Tag Archives: Viking Books

Brooklyn – Colm Toibin

One thing that I particularly like about reading this year’s Man Booker long list is that it is giving me the opportunity to read for the first time some authors that I have always wanted to try but never quite managed, or possibly been slightly daunted by. A.S Byatt is one of them and that is still going slowly but surely (enjoyably so), Coetzee I will be starting today and is someone I have always been intrigued by. However its Colm Toibin who I pretty much own the back catalogue of works by but haven’t read a page… until I started ‘Brooklyn’ that was.

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I am not going to hold back I loved ‘Brooklyn’. I thought Toibin’s style of prose and narrative was simple and beautiful and throughout the whole book I was totally and utterly engaged. I liked and believed in all the characters and I loved the subtle simple plot. In fact ‘subtle and simple’ are possibly the perfect two words to sum this book up for me. Yet at the same time it’s quite an epic novel and one that covers a huge amount in fewer than 250 pages.

‘Brooklyn’ is a tale of Eilis, a young girl in Ireland after the Second World War where the economy is a disaster and jobs are scarce. Overjoyed simply to find a Sunday and occasional evening job when you can expect little more Eilis is suddenly offered a job and life in Brooklyn where work is easier to find and so is money and more importantly prospects. Eilis soon realises that this isn’t a sudden offer and in fact her mother, sister and brothers (in England) have been well meaningly plotting this for quite some time and really she has no choice.  After following her nightmare journey across the ocean we watch as Eilis settles into a new life with new people and new cultures in an unknown environment. We also watch as she grows from girl to woman and falls in love. It is eventually though a trip home that leads to the climax and a huge decision for Eilis… I wont say any more than that, I will say I bet the ending will either seal the deal for people or possibly put them off the book completely.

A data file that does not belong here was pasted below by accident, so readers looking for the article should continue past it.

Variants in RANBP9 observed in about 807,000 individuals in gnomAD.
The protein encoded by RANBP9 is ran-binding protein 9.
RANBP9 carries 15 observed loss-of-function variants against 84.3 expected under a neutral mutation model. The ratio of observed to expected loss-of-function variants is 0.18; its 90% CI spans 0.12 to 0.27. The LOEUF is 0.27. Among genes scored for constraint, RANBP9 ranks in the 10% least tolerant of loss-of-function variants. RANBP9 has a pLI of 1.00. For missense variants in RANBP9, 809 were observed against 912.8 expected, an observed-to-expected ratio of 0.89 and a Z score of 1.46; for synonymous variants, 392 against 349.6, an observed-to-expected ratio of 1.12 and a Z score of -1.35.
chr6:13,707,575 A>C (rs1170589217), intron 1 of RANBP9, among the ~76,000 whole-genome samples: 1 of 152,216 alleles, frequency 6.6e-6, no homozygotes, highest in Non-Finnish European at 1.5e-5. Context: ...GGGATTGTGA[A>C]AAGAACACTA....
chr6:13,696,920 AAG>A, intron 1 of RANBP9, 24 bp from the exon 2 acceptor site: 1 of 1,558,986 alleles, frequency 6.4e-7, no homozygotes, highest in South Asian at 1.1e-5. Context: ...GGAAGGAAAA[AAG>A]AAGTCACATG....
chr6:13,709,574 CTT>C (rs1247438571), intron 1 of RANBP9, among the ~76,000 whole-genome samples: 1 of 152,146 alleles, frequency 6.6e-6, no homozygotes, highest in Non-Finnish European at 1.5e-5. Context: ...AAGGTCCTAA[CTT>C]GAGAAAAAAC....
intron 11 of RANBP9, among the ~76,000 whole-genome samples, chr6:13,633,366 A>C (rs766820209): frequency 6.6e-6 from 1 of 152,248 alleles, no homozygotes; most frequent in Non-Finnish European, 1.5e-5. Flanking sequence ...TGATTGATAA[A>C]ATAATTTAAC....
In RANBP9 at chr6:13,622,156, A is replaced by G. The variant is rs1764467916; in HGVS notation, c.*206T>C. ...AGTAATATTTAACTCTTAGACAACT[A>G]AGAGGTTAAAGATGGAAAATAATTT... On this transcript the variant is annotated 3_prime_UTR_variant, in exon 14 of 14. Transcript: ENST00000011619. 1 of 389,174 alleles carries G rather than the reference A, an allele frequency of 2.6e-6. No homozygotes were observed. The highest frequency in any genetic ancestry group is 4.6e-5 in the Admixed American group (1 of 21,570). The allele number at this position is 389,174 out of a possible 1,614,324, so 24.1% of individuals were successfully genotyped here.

The plot brings us some wonderful, wonderful surroundings. I loved the Ireland we briefly got to see at the start and especially when Eilis ends up working in the local shop where supplies are low and people get special treatment, well bread that’s not off, if the owner likes them. When Eilie moves to Brooklyn you could vividly see the streets of shops and as Eilis works in one of these ‘Bartocci’s’ we get to see how everything runs and I could just envisage it so clearly. I will admit it; I ended up wanting to be there in Eilis’ house share in 1950’s Brooklyn!

The plot also brings up many subjects. The first is poverty and how the Second World War left countries like Ireland and all the people who survived the horrors of war behind. It looks at women’s roles and how they changed and strangely gained independence further during these times, they could go and work in other countries and start new lives even if the job opportunities were limited. It also discussed racism at the time as the colour of customers in Bartocci’s changes; this isn’t a subject at the heart of the book I did like its inclusion though as it would have happened at the time. In fact looking back with Eilis’ love interest being from an Italian family and Eilis not being an American in America different cultures is in a way a theme.

For me out of everything it was the prose and also the characters that really made the book the complete joy to read I found it. I liked Eilis though for me she was in a way a ‘nice and intrigued’ pair of eyes to watch a story through. It was characters like the scary domineering and gossiping Mrs Kelly who owned the corner shop and the fabulous Georgina, who I adored, and is Eilie’s partner in illness on one of the most horrendous boat crossings I have read… I did laugh though. With characters, plot and backdrops like this I would be amazed if you could fail to love this book.

In fact actually this is just the book I have been craving to read, and haven’t quite been able to find (not even in Samantha Harvey’s The Wilderness but almost) for quite a while something I would rush to read the next bit of and get lost in all over again. I can’t wait to read more Toibin after the Man Booker long list, the only question is… where to start, what should I read of his next?